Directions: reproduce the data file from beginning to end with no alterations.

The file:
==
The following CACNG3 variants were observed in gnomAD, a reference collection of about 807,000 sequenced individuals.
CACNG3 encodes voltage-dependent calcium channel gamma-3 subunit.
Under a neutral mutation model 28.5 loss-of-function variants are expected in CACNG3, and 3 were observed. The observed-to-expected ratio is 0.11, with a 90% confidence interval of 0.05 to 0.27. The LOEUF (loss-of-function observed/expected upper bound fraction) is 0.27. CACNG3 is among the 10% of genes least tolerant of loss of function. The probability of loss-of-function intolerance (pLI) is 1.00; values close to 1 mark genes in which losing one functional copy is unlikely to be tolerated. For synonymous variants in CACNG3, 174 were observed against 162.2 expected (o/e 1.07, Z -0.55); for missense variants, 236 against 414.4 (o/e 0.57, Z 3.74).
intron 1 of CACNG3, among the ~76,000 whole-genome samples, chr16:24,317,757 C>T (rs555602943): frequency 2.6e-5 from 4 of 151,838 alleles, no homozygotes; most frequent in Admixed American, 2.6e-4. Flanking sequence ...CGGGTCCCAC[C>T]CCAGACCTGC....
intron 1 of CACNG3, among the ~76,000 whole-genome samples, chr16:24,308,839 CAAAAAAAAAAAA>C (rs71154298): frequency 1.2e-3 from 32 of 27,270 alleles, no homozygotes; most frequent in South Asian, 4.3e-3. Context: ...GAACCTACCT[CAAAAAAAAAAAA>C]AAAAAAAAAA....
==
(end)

The following CACNG3 variants were observed in gnomAD, a reference collection of about 807,000 sequenced individuals.
CACNG3 encodes voltage-dependent calcium channel gamma-3 subunit.
Under a neutral mutation model 28.5 loss-of-function variants are expected in CACNG3, and 3 were observed. The observed-to-expected ratio is 0.11, with a 90% confidence interval of 0.05 to 0.27. The LOEUF (loss-of-function observed/expected upper bound fraction) is 0.27. CACNG3 is among the 10% of genes least tolerant of loss of function. The probability of loss-of-function intolerance (pLI) is 1.00; values close to 1 mark genes in which losing one functional copy is unlikely to be tolerated. For synonymous variants in CACNG3, 174 were observed against 162.2 expected (o/e 1.07, Z -0.55); for missense variants, 236 against 414.4 (o/e 0.57, Z 3.74).
intron 1 of CACNG3, among the ~76,000 whole-genome samples, chr16:24,317,757 C>T (rs555602943): frequency 2.6e-5 from 4 of 151,838 alleles, no homozygotes; most frequent in Admixed American, 2.6e-4. Flanking sequence ...CGGGTCCCAC[C>T]CCAGACCTGC....
intron 1 of CACNG3, among the ~76,000 whole-genome samples, chr16:24,308,839 CAAAAAAAAAAAA>C (rs71154298): frequency 1.2e-3 from 32 of 27,270 alleles, no homozygotes; most frequent in South Asian, 4.3e-3. Context: ...GAACCTACCT[CAAAAAAAAAAAA>C]AAAAAAAAAA....